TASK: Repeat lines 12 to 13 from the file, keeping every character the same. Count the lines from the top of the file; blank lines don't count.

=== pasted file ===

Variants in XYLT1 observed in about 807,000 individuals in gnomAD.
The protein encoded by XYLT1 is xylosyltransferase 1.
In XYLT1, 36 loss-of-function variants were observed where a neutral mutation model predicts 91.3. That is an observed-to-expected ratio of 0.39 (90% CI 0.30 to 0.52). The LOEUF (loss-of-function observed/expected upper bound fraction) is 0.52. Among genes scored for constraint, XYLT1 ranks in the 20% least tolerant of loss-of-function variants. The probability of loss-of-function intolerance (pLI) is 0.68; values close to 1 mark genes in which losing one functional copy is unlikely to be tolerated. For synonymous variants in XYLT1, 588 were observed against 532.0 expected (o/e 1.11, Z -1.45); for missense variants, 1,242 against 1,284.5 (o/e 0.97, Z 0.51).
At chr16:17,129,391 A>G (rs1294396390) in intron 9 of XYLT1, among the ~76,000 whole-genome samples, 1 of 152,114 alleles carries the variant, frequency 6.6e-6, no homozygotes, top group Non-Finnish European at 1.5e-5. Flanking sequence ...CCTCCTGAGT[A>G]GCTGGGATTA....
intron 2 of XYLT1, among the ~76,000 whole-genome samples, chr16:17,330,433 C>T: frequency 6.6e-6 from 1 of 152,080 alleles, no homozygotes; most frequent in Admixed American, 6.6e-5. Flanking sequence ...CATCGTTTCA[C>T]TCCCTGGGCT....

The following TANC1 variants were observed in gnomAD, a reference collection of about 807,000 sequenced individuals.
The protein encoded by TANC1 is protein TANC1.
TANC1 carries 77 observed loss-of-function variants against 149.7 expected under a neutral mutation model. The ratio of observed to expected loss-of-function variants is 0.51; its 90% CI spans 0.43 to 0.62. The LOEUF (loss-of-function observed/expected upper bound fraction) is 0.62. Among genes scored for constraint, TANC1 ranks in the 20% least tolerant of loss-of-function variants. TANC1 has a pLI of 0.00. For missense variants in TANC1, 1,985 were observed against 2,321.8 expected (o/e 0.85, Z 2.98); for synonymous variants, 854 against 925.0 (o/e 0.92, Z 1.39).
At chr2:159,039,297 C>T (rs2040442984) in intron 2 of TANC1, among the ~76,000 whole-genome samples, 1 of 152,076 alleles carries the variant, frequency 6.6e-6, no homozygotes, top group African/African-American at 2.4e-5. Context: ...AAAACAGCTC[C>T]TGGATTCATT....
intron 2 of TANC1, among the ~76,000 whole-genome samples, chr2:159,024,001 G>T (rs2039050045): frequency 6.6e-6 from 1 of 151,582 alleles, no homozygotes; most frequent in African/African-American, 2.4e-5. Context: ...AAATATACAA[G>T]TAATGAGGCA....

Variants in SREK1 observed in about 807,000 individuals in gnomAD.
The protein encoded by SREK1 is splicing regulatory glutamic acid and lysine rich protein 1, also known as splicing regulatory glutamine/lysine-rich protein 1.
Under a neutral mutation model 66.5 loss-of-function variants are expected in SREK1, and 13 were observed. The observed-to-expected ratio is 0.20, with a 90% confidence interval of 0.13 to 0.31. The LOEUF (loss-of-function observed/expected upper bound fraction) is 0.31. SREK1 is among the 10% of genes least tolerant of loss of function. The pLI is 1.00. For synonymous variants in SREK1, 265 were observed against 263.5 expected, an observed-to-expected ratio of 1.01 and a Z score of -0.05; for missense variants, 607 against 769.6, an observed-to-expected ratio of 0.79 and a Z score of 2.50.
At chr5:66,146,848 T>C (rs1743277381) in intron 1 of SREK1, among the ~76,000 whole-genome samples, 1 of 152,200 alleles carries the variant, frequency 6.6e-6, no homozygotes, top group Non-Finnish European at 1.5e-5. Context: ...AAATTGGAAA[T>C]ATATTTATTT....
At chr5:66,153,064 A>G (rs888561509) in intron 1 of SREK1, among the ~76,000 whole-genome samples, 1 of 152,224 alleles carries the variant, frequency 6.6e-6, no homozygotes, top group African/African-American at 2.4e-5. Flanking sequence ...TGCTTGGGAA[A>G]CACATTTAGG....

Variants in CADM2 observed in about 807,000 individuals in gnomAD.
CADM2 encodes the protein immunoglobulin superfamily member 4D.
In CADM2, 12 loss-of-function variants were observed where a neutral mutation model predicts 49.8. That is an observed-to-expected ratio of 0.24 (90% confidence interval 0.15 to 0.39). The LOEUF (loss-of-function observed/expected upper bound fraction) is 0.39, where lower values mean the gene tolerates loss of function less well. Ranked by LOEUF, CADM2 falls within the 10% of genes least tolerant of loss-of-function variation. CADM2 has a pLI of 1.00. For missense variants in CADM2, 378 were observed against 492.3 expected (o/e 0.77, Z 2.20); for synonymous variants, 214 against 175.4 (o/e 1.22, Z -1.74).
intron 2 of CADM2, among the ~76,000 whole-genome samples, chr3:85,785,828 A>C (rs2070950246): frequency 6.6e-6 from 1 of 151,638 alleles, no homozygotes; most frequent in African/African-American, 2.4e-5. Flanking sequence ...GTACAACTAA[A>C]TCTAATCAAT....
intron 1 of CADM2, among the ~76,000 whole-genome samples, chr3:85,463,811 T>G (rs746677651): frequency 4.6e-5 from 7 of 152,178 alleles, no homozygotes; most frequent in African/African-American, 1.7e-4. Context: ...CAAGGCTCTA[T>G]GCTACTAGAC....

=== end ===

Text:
The protein encoded by SREK1 is splicing regulatory glutamic acid and lysine rich protein 1, also known as splicing regulatory glutamine/lysine-rich protein 1.
Under a neutral mutation model 66.5 loss-of-function variants are expected in SREK1, and 13 were observed. The observed-to-expected ratio is 0.20, with a 90% confidence interval of 0.13 to 0.31. The LOEUF (loss-of-function observed/expected upper bound fraction) is 0.31. SREK1 is among the 10% of genes least tolerant of loss of function. The pLI is 1.00. For synonymous variants in SREK1, 265 were observed against 263.5 expected, an observed-to-expected ratio of 1.01 and a Z score of -0.05; for missense variants, 607 against 769.6, an observed-to-expected ratio of 0.79 and a Z score of 2.50.